North Carolina paper slams state GOP voter suppression efforts: Trying to 'make democracy harder’
In the North Carolina State Senate, Republicans are trying to suppress votes by eliminating a law that allows ballots that are postmarked on Election Day to be counted up to three days later. And the Charlotte Observer's editorial board, in a scathing editorial published on March 29, slams North Carolina Republicans for their voter suppression efforts.
Democrats in North Carolina have been highly critical of the voter suppression campaign of Republicans in the state legislature, and the office of State Sen. Phil Berger, a Republican, recently posted a press release mocking them. The Observer's editorial board lambasts North Carolina Republicans for cheapening the debate and responding to legitimate concerns with vitriol.
"In a sneering news release late last week, Senate Republicans ridiculed concerns surrounding a new bill that would change NC statute allowing absentee ballots that were postmarked on Election Day to arrive up to three days later," the Observer's editorial board writes. "Instead, the bill would require ballots to be received on Election Day to be counted."
Republican State Sen. Ralph Hise mockingly said, "Democrats are getting the vapors over the Election Integrity Act." And the Observer writes that Hise and other Republicans in the North Carolina Senate "want to eliminate something that isn't broken."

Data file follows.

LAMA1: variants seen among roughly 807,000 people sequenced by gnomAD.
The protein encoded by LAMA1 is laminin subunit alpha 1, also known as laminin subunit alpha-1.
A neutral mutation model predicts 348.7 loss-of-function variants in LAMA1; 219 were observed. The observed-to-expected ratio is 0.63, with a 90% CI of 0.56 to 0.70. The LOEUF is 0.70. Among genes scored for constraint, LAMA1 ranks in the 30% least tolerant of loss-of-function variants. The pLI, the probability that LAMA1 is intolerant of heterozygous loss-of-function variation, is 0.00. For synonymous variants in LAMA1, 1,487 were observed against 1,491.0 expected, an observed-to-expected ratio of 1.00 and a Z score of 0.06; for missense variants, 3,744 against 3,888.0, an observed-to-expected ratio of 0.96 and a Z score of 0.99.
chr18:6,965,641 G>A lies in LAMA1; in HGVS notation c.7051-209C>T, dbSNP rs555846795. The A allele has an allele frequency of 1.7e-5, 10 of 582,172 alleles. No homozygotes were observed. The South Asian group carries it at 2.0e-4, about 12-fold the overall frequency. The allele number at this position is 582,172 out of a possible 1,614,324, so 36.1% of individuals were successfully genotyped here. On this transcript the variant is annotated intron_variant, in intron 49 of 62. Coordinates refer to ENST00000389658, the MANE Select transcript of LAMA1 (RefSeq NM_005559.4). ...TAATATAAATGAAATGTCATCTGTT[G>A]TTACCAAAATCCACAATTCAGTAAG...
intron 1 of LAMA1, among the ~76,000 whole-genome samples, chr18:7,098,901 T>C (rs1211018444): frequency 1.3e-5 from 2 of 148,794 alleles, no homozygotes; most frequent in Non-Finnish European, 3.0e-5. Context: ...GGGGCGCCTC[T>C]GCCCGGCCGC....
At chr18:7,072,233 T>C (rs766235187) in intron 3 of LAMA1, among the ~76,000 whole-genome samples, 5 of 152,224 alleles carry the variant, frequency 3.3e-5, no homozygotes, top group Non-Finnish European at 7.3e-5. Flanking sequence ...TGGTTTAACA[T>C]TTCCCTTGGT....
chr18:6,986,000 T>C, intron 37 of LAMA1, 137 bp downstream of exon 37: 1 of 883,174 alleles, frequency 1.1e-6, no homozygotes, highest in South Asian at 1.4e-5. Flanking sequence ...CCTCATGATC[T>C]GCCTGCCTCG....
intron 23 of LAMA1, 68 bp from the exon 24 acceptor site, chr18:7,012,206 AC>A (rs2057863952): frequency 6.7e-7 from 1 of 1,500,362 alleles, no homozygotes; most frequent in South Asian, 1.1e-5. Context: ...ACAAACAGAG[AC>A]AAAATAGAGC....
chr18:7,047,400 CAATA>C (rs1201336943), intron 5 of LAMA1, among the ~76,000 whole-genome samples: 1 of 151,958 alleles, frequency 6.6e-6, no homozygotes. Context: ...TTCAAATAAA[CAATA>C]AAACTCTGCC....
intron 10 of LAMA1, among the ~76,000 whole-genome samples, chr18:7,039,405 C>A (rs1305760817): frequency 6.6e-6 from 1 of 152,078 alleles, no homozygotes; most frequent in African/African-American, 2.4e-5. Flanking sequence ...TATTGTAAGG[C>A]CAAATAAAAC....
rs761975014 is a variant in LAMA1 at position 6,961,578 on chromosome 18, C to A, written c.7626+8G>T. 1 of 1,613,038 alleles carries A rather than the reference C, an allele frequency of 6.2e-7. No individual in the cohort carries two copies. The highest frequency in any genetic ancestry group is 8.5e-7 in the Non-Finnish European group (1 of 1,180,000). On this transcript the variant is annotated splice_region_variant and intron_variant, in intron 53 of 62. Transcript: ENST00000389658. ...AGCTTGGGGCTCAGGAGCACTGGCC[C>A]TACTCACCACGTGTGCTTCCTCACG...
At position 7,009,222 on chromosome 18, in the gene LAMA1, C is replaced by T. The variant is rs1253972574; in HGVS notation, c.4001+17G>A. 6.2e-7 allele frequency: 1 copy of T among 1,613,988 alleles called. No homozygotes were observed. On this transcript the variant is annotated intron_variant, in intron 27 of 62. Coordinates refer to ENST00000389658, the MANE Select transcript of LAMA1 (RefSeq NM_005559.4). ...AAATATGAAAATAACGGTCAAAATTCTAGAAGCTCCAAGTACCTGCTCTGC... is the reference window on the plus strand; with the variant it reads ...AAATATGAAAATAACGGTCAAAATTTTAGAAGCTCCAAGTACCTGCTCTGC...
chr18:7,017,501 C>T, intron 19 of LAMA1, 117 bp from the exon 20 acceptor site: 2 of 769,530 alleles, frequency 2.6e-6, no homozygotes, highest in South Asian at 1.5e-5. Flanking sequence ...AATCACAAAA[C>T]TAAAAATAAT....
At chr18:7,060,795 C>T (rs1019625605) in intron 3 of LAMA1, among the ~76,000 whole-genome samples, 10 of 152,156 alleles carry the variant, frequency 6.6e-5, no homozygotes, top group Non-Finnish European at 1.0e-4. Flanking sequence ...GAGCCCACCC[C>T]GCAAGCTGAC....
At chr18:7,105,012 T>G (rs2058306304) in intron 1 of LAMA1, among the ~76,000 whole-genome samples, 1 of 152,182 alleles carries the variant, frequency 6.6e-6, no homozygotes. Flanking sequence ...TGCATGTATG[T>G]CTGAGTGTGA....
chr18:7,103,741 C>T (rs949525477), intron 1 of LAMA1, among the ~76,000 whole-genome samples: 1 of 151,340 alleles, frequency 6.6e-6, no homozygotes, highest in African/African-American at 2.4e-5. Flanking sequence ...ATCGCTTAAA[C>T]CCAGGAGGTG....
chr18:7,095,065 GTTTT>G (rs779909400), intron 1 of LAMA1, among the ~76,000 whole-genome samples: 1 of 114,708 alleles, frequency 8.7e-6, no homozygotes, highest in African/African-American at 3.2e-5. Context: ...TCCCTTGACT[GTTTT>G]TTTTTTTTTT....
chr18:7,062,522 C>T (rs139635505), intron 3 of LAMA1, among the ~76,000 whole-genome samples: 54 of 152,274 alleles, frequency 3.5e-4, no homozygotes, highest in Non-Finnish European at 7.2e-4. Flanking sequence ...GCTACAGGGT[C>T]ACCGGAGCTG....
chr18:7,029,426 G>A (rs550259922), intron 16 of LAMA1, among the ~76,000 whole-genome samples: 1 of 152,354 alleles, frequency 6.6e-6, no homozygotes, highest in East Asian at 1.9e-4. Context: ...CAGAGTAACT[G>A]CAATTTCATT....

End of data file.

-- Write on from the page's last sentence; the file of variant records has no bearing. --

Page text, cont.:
The Observer's editorial board explains, "Hise argues trust in elections is now an issue, but that's true not because a three-day window has caused consternation among North Carolinians anytime in the last decade. It's true because Republicans have spent the four months since Election Day spreading lies about voter fraud. That drumbeat is the real threat to election integrity, but this is what happens when you run out of justifications for trying to stop people from casting a ballot."
The editorial goes on to point out that in North Carolina, Republicans are doing the same thing Republicans are doing in many others states in the U.S.: going out of their way to make voting more difficult and complicated.
"Across the country," the Observer's editorial board notes, "Republicans are propping up election integrity as an excuse for hundreds of bills that would unnecessarily restrict voting. In Georgia, lawmakers are taking it a step further, trying to persuade voters that access is actually being expanded in a bill that, among other things, limits mobile polling places and drop boxes, bars state officials from mailing unsolicited absentee ballots, makes casting those ballots harder — and even outlaws providing food and drink to voters waiting in line to cast ballots."
The Observer's editorial board concludes it editorial by urging Gov. Roy Cooper, a Democrat, to "reject" any voter suppression efforts from Republicans in the state and stressing that voter participation should be encouraged — not made more difficult.
"The goal, for Democrats and Republicans alike, should be to encourage as many people as possible to vote without increasing the chance for meaningful fraud," the Observer's editorial board stresses. "Calling out attempts to do otherwise isn't the 'vapors.' It's protecting voters from lawmakers who want to make democracy harder."
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